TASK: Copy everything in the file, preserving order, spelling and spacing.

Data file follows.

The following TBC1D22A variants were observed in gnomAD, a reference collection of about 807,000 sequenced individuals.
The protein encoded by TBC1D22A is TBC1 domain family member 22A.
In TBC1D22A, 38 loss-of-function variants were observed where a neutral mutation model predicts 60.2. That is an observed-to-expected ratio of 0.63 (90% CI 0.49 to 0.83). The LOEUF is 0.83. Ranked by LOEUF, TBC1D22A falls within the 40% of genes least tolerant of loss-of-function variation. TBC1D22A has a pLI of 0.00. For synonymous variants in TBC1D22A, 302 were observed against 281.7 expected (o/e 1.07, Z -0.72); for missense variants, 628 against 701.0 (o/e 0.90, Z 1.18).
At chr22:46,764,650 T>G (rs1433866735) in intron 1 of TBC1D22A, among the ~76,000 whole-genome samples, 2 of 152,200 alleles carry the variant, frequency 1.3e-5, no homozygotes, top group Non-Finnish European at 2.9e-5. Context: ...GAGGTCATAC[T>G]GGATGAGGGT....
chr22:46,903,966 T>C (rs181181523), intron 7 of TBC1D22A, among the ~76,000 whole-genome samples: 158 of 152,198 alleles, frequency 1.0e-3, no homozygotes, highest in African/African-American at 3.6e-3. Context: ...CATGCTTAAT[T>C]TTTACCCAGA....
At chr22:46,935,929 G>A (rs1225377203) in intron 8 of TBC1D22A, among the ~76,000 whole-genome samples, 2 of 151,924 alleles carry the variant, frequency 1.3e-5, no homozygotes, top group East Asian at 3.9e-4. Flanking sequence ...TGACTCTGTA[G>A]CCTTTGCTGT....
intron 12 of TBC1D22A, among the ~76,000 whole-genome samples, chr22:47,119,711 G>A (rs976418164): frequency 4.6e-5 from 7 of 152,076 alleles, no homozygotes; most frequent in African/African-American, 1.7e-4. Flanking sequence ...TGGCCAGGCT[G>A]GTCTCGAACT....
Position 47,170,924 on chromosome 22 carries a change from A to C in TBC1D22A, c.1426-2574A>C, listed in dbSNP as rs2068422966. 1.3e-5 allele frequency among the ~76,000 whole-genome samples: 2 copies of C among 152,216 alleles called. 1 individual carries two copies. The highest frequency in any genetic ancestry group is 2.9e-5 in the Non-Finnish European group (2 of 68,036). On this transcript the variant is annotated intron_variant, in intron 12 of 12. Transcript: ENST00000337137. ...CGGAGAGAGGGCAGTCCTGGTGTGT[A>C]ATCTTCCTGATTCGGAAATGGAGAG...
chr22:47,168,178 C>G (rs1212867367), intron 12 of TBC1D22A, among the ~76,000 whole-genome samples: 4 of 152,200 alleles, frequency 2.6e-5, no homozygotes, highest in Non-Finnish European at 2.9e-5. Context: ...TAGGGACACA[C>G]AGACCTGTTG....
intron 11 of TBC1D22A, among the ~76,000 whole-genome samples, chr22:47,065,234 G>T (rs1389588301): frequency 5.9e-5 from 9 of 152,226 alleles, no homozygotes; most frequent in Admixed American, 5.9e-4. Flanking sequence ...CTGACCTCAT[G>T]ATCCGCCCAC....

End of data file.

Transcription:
The following TBC1D22A variants were observed in gnomAD, a reference collection of about 807,000 sequenced individuals.
The protein encoded by TBC1D22A is TBC1 domain family member 22A.
In TBC1D22A, 38 loss-of-function variants were observed where a neutral mutation model predicts 60.2. That is an observed-to-expected ratio of 0.63 (90% CI 0.49 to 0.83). The LOEUF is 0.83. Ranked by LOEUF, TBC1D22A falls within the 40% of genes least tolerant of loss-of-function variation. TBC1D22A has a pLI of 0.00. For synonymous variants in TBC1D22A, 302 were observed against 281.7 expected (o/e 1.07, Z -0.72); for missense variants, 628 against 701.0 (o/e 0.90, Z 1.18).
At chr22:46,764,650 T>G (rs1433866735) in intron 1 of TBC1D22A, among the ~76,000 whole-genome samples, 2 of 152,200 alleles carry the variant, frequency 1.3e-5, no homozygotes, top group Non-Finnish European at 2.9e-5. Context: ...GAGGTCATAC[T>G]GGATGAGGGT....
chr22:46,903,966 T>C (rs181181523), intron 7 of TBC1D22A, among the ~76,000 whole-genome samples: 158 of 152,198 alleles, frequency 1.0e-3, no homozygotes, highest in African/African-American at 3.6e-3. Context: ...CATGCTTAAT[T>C]TTTACCCAGA....
At chr22:46,935,929 G>A (rs1225377203) in intron 8 of TBC1D22A, among the ~76,000 whole-genome samples, 2 of 151,924 alleles carry the variant, frequency 1.3e-5, no homozygotes, top group East Asian at 3.9e-4. Flanking sequence ...TGACTCTGTA[G>A]CCTTTGCTGT....
intron 12 of TBC1D22A, among the ~76,000 whole-genome samples, chr22:47,119,711 G>A (rs976418164): frequency 4.6e-5 from 7 of 152,076 alleles, no homozygotes; most frequent in African/African-American, 1.7e-4. Flanking sequence ...TGGCCAGGCT[G>A]GTCTCGAACT....
Position 47,170,924 on chromosome 22 carries a change from A to C in TBC1D22A, c.1426-2574A>C, listed in dbSNP as rs2068422966. 1.3e-5 allele frequency among the ~76,000 whole-genome samples: 2 copies of C among 152,216 alleles called. 1 individual carries two copies. The highest frequency in any genetic ancestry group is 2.9e-5 in the Non-Finnish European group (2 of 68,036). On this transcript the variant is annotated intron_variant, in intron 12 of 12. Transcript: ENST00000337137. ...CGGAGAGAGGGCAGTCCTGGTGTGT[A>C]ATCTTCCTGATTCGGAAATGGAGAG...
chr22:47,168,178 C>G (rs1212867367), intron 12 of TBC1D22A, among the ~76,000 whole-genome samples: 4 of 152,200 alleles, frequency 2.6e-5, no homozygotes, highest in Non-Finnish European at 2.9e-5. Context: ...TAGGGACACA[C>G]AGACCTGTTG....
intron 11 of TBC1D22A, among the ~76,000 whole-genome samples, chr22:47,065,234 G>T (rs1389588301): frequency 5.9e-5 from 9 of 152,226 alleles, no homozygotes; most frequent in Admixed American, 5.9e-4. Flanking sequence ...CTGACCTCAT[G>T]ATCCGCCCAC....